"I do. It isn't hard. He's a hundred feet away on the next to last houseboat on the inside of the marina."

Kramer looked at Boris' houseboat.

"You were caught crossing the border into Vietnam. If you hadn't been betrayed and turned over to the Company's assets, would you have found Boris?"

"Yes," Ivan said. "Eventually I would have found him."

"So you are caught. You're shanghaied and forced to work rather than go to jail because the people who had you claimed you broke the law?"

"Yes."

"Then, if I have this straight, two Russians, not any of which reside in the cove, and they guided you to your brother in Laos, once you fulfill your obligation to the Company who really had no jurisdiction over you?"

"Yes."

"The people who stopped you from going to get your brother then has some random Russians lead you to your brother?"

"Yes."

"This is too far out for the Twilight Zone," Kramer said.

"You ever been in a tiger cage?" Ivan asked.

"I was an intelligence officer. Of course I saw tiger cages?"

"I was kept in one for two, three, maybe four weeks. I had no way of measuring time and after the first week there was only two things I could be sure of. I hadn't died so I was probably alive."

"Two or three weeks?"

"Maybe ten days. Maybe forty days. I lost all sense of everything. Another few days or a week and I'd have been dead. So, don't ask me why I signed up for the Company's program. Spend a week in a tiger cage, you'll know the answer," Ivan said.

"Yes, I suspect I would. We didn't believe there was an Ivan Aleksa. The story circulated through the secret agencies. No one believed it was true. It was some super hero yarn a CIA agent with too much time on his hands made up. We knew the story circulated inside the CIA first. Then, a year or so ago, one of my buddies from Quantico says, "Aleksa found his brother. He's off the MIA list and on the West Coast. He brought his brother home on a CIA plane that originated in Cambodia," Kramer said.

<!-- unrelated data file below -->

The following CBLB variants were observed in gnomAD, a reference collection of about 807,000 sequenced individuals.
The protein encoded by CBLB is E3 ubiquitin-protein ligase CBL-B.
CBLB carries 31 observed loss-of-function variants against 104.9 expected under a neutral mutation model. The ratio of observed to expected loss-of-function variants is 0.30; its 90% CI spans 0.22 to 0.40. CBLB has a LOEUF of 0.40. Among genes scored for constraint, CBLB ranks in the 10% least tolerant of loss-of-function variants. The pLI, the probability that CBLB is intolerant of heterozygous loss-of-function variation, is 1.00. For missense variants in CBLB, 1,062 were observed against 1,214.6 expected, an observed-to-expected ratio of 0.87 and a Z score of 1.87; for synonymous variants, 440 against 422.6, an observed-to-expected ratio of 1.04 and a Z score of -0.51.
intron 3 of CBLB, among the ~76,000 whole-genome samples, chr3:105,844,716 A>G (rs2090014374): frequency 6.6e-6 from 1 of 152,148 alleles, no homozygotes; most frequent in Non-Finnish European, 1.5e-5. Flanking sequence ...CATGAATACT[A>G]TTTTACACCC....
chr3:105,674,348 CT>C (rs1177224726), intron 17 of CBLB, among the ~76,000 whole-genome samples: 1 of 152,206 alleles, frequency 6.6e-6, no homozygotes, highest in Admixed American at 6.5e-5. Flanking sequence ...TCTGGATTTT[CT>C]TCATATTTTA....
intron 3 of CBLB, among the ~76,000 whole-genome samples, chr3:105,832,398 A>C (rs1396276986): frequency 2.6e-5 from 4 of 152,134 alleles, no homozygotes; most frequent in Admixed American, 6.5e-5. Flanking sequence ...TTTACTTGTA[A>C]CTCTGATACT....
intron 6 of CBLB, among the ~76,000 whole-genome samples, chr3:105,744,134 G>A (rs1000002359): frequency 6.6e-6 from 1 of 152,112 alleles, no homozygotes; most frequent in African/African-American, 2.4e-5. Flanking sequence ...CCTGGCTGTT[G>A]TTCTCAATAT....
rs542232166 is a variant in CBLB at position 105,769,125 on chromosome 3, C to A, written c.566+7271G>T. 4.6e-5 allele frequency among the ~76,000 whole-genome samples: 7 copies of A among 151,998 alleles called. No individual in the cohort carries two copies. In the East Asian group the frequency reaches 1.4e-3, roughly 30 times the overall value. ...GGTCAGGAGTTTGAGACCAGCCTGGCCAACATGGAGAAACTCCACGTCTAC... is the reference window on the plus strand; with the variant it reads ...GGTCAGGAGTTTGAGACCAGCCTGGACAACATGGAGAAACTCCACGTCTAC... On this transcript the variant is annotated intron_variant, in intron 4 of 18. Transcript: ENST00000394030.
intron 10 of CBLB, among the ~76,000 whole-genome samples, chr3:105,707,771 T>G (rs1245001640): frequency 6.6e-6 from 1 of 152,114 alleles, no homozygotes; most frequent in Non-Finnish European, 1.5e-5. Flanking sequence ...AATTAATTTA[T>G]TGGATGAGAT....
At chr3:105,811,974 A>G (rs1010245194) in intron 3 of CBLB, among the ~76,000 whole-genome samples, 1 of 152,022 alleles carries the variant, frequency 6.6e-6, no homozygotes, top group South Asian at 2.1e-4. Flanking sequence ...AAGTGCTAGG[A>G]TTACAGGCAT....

"It took me a minute to put it together. Then I remember thinking about it back when I first heard it. I'd just returned from Vietnam then. A guy went to get his MIA brother from Vietnam. Seeing you sitting in front of me, I wonder how you did it?"

"No how. I just did it. It never occurred to me I couldn't do it."

"Never."

"Maybe while I was in the tiger cage I wondered what the hell I was doing. I couldn't find anyone if I died."

"I can imagine," Kramer said. "They knew how long it took for someone to die under those conditions. They knew when to let you out to get the maximum amount of cooperation."

"Come by and go on a fishing charter with me and I'll tell you about Southeast Asia Air Freight and my trip to Southeast Asia. They usually brought guys out of Vietnam. I was the first guy who wanted to get into Vietnam. For all those years I worked for the company, I didn't know anyone knew what I went to Southeast Asia to do. I worried I might die before I did it but I didn't die, as you can plainly see."

Kramer could see and he looked Ivan over as if he might find what it was that made him special.

You couldn't see what made Ivan special. It's what was inside of him that separated him from ordinary men.